This March’s Garagiste Festival: Southern Exposure, which doubled in size from the previous year, included two days of tasting and a kick off pizza pairing event. The festival has already set the dates for the 2015 Southern Exposure festival, March 28th 29th, again at Veteran’s Hall in Solvang.

The Los Angeles Garagiste Festival event will be held on July 12th, 2014 and the fourth annual Paso Robles Garagiste Festival will be held on November 6th – 9th, 2014 in Paso Robles.

To preserve an intimate experience for consumers with one-on-one interaction with winemakers, tickets are always very limited for the Garagiste Festivals. To be alerted when tickets go on sale for Los Angeles and Paso Robles, for special discounts and for breaking news about all Garagiste events, sign up for The Dirt at http://garagistefestival.com/sign-up/, or follow us on Twitter (@GaragisteFest) or Facebook (http://on.fb.me/1rgBC80).

The non-profit Garagiste Festivals benefit the Cal Poly Wine and Viticulture program.

For sponsorship info, email info(at)garagistefestival(dot)com.

**Garagistes (gar-uh-zhē-stuh) is a term originally used in the Bordeaux region of France to denigrate renegade small-lot wine makers, sometimes working in their “garages” (anything considered not a chateau), who refused to follow the “rules,” and is now a full-fledged movement responsible for making some of the best wine in the world. The Garagiste Festivals were the first to shine a light on the American garagiste winemaker in 2011. Since then, the festival has helped consumers discover the remarkable wines of hundreds of true garagistes, who handcraft under 1,500 cases a year and pay close, hands-on attention to every wine they make.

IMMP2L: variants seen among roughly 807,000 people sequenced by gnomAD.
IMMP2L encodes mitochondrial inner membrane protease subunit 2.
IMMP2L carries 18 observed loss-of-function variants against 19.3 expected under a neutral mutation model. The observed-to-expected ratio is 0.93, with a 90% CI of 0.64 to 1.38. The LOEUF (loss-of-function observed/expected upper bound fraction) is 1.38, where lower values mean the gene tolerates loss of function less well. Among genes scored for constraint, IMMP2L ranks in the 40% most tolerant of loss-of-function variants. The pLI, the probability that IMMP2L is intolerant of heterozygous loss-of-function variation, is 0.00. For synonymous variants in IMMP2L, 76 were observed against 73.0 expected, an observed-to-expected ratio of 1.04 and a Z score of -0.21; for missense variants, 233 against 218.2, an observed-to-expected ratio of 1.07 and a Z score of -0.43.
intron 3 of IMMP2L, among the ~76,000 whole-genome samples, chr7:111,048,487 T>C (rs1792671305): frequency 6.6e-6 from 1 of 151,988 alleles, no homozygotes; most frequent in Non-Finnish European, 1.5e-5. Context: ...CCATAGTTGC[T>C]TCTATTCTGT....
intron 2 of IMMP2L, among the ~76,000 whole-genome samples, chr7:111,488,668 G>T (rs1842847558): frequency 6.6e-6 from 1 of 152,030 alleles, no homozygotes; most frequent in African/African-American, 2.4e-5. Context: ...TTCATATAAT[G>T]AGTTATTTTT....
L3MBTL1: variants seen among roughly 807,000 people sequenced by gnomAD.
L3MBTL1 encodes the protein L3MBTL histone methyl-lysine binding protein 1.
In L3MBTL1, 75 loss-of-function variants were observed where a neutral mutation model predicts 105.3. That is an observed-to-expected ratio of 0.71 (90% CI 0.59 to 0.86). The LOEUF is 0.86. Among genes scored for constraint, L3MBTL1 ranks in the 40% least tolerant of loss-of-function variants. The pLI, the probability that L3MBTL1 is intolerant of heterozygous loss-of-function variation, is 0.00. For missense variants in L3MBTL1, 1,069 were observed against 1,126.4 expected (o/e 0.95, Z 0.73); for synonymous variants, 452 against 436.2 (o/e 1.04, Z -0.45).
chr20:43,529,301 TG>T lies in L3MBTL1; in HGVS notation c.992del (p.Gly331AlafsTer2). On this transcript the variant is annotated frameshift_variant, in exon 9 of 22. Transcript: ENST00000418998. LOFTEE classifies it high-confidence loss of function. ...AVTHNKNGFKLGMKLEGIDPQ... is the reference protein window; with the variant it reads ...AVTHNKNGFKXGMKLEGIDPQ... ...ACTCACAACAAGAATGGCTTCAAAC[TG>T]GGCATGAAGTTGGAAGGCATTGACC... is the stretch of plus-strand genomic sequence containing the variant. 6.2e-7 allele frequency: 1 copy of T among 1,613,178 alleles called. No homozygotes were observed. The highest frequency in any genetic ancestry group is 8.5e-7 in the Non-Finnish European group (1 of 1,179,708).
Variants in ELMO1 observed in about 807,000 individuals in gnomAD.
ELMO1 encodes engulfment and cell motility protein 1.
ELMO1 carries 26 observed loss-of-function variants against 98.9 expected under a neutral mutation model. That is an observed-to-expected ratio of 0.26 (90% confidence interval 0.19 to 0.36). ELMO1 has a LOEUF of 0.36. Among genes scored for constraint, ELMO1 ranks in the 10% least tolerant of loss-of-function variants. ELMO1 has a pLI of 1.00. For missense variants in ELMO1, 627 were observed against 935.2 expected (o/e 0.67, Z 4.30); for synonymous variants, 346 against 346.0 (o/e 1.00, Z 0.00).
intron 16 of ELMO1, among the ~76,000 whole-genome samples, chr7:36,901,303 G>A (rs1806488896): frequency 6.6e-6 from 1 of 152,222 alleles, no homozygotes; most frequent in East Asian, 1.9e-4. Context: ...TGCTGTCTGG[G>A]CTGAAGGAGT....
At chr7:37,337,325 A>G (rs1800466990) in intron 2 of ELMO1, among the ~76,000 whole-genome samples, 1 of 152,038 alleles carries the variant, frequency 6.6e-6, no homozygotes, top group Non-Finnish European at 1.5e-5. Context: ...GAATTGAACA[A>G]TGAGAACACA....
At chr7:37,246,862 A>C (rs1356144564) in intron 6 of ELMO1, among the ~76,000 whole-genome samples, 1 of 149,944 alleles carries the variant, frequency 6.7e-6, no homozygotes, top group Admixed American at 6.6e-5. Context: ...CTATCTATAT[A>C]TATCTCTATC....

About The Garagiste Festivals

The Garagiste Festivals (http://www.garagistefestival.com) are the first and only wine festivals dedicated to the undiscovered and under-recognized artisan ‘garagiste’ producers who are making some of the best, most exciting, handcrafted small-lot production wines in the world. Founded by fellow garagistes Stewart McLennan and Douglas Minnick, the Garagiste Festivals are committed to discovering the best and most innovative limited-production winemakers and promoting and showcasing them to a broad audience of discerning wine consumers. In addition to its flagship annual festival in Paso Robles, CA, the Garagiste Festival line-up includes Garagiste Festival: Southern Exposure, featuring Santa Ynez Valley garagistes; garagiste mini-tastings presented from So Cal to Tahoe; winemaker dinners, a newsletter, garagiste profiles and more. Named one of the “Top Nine Incredible Epicurean Vacations” by ABC News, Garagiste Festivals are produced by Garagiste Events, a non-profit dedicated to furthering the education of future winemakers and those training for employment within the wine industry. Proceeds from the festivals are donated to the Cal Poly Wine and Viticulture Program.

Media Contacts:

mWEBB Communications for The Garagiste Festivals

Melanie Webber, melanie(at)mwebbcom(dot)com, 424-603-4340

Crystal Hartwell, crystal(at)mwebbcom(dot)com, 714-987-1016